Preferred Name: Rachel
Rachel works in the health sector, and lives with her husband and their teenage child. She describes her ethnic background as ‘Australian, Irish and Scottish’: she and her parents were born in Australia.
Rachel began taking heroin, and other drugs, including cannabis and cocaine with friends in her late teens, after moving interstate to go to university. After her consumption ‘escalated’ in her early twenties, she attended Narcotics Anonymous (NA) meetings and stopped taking heroin. Some years later Rachel resumed heroin consumption and after a while she says she began to feel ‘physically dependent’ on it. When pregnant with her child, she went on opioid pharmacotherapy treatment (methadone maintenance treatment, MMT) and stopped taking heroin. She’s currently on MMT and has resumed heroin consumption a few times a week.
When she was in her early twenties Rachel met someone who was going to Narcotics Anonymous (NA) meetings and began attending them herself. She says that she met ‘a lot of really interesting people’ at the meetings but found that NA ‘didn’t hold [her] interest’ in the long term and eventually stopped attending.
In her late twenties Rachel found herself in a relationship that had become ‘abusive’ and after seeking counselling she ended the relationship. She described the next few years as ‘an incredible time’ during which she began working and receiving ‘praise’ from her employers, which she says gave her a sense of ‘achievement’ and ‘worth’. Since then, she’s valued work as a very important part of her life.
Over the next few years, Rachel began to ‘re-introduce drugs’ into her life, smoking cannabis, drinking alcohol, and taking cocaine and heroin on weekends. She says she ‘threw [her]self back into art’ and theatre, and socialised with other artists. Feeling like heroin was ‘all around’ her in her social group, she says she began taking it ‘more and more’. To manage her consumption, and avoid ‘a physical habit’, she maintained ‘a lot of rules’ such as only taking small amounts and taking regular breaks.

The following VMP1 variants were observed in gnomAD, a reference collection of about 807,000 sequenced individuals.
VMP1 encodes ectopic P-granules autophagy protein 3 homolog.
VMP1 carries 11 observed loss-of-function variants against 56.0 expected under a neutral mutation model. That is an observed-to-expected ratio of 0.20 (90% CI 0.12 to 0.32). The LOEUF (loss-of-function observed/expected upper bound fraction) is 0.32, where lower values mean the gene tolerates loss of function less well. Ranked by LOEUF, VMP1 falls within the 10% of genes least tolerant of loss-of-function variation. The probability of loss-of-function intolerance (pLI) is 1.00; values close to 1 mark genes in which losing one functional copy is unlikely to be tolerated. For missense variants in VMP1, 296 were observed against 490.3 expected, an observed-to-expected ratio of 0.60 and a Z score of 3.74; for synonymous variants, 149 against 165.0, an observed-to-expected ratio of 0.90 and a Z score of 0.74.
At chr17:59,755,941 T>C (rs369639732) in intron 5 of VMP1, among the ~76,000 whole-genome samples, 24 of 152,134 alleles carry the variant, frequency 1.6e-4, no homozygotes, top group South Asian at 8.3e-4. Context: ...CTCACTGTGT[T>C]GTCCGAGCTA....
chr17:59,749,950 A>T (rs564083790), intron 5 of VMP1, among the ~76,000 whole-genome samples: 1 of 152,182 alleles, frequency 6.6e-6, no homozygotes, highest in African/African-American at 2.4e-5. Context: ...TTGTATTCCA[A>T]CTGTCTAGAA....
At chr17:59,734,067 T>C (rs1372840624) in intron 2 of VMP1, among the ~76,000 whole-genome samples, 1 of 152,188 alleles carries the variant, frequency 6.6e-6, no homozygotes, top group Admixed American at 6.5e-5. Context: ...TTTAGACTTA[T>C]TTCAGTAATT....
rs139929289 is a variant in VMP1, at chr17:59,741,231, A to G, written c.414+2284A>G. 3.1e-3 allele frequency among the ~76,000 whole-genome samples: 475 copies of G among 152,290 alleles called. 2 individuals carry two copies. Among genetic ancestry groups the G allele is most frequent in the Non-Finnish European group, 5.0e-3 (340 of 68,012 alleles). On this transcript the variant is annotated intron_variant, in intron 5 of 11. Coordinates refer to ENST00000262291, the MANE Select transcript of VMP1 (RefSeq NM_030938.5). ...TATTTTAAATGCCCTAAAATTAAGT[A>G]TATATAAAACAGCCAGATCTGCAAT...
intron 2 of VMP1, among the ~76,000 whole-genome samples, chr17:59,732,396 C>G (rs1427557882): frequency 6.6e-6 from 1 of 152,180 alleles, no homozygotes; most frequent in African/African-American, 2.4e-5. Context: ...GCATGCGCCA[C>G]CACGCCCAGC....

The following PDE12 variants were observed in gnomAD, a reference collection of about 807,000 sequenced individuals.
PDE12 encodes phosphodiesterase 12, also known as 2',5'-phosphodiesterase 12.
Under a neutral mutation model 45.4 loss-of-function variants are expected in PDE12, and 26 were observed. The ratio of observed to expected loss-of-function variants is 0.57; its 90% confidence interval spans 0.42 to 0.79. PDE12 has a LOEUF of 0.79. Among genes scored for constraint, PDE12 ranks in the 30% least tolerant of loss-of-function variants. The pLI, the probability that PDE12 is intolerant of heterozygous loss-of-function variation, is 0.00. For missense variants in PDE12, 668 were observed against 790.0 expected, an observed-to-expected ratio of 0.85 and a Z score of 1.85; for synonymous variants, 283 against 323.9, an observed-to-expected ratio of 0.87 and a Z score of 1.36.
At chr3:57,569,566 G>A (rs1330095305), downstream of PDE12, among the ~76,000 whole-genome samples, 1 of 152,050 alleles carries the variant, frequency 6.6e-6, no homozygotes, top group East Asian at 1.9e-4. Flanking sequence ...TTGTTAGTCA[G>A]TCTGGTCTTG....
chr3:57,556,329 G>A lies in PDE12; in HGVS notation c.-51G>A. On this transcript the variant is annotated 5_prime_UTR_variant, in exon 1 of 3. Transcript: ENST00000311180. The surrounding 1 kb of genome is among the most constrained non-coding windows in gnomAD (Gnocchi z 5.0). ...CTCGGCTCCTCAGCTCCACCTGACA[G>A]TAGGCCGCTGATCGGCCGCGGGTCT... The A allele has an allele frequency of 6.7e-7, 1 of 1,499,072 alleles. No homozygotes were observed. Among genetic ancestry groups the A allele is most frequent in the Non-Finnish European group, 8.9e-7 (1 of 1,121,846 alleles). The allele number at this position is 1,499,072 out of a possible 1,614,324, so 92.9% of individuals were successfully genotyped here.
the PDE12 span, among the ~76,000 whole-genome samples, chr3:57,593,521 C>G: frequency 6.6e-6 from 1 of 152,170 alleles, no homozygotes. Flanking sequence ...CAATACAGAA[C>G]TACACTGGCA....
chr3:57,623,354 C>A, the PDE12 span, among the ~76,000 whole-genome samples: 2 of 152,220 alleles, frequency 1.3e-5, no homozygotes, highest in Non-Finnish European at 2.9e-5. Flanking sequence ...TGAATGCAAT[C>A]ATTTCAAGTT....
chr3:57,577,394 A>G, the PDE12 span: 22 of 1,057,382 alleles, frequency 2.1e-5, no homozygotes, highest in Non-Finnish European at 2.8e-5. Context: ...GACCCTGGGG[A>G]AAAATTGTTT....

She met her current partner when she was in her mid-thirties and they began taking heroin together. She says she found it ‘much harder’ to stick to her rules around consumption when she was with her partner. After some time Rachel says she felt ‘physically dependent’ on heroin and would get ‘really crook’ if she didn’t take it. In her late thirties, she became pregnant and started opioid pharmacotherapy treatment (MMT). After she had her child, Rachel returned to work, resumed taking heroin, and remained on MMT.
In the years before the interview, Rachel has been working full time to support her partner and child. She now limits her heroin consumption to a few days a weeks after work for ‘fun’ and ‘to relax’, as she says this contributes to her ‘mental health’. In the future, she plans to stay on MMT as it helps her manage her heroin consumption.
Rachel (F, 50, works in the health sector, heroin) says that while she met a lot of ‘interesting people’ in NA, the program ‘didn’t hold her interest’ so she eventually stopped attending. (Played by an actor)
I met someone who was going to NA and so I went to a meeting, and then I met some other people. I ended up in a halfway house […] and I stayed there for a while. And [I…] just determined that I would kind of pursue the NA thing for a while. It was actually quite interesting. There were a lot of really interesting people in NA at that time who were artists and musicians, famous people. And you know, in a way, it was as much for me about discovering […] a different ethnographic situation as [it was about] getting straight. And, you know, I ended up deciding that it was a cult […] I sort of enjoyed it for a little bit but […] it just didn’t hold my interest.
When Rachel found it hard to make ends meet, she took on more work to fund her consumption and cover family expenses. (Note: strong language) (Played by an actor)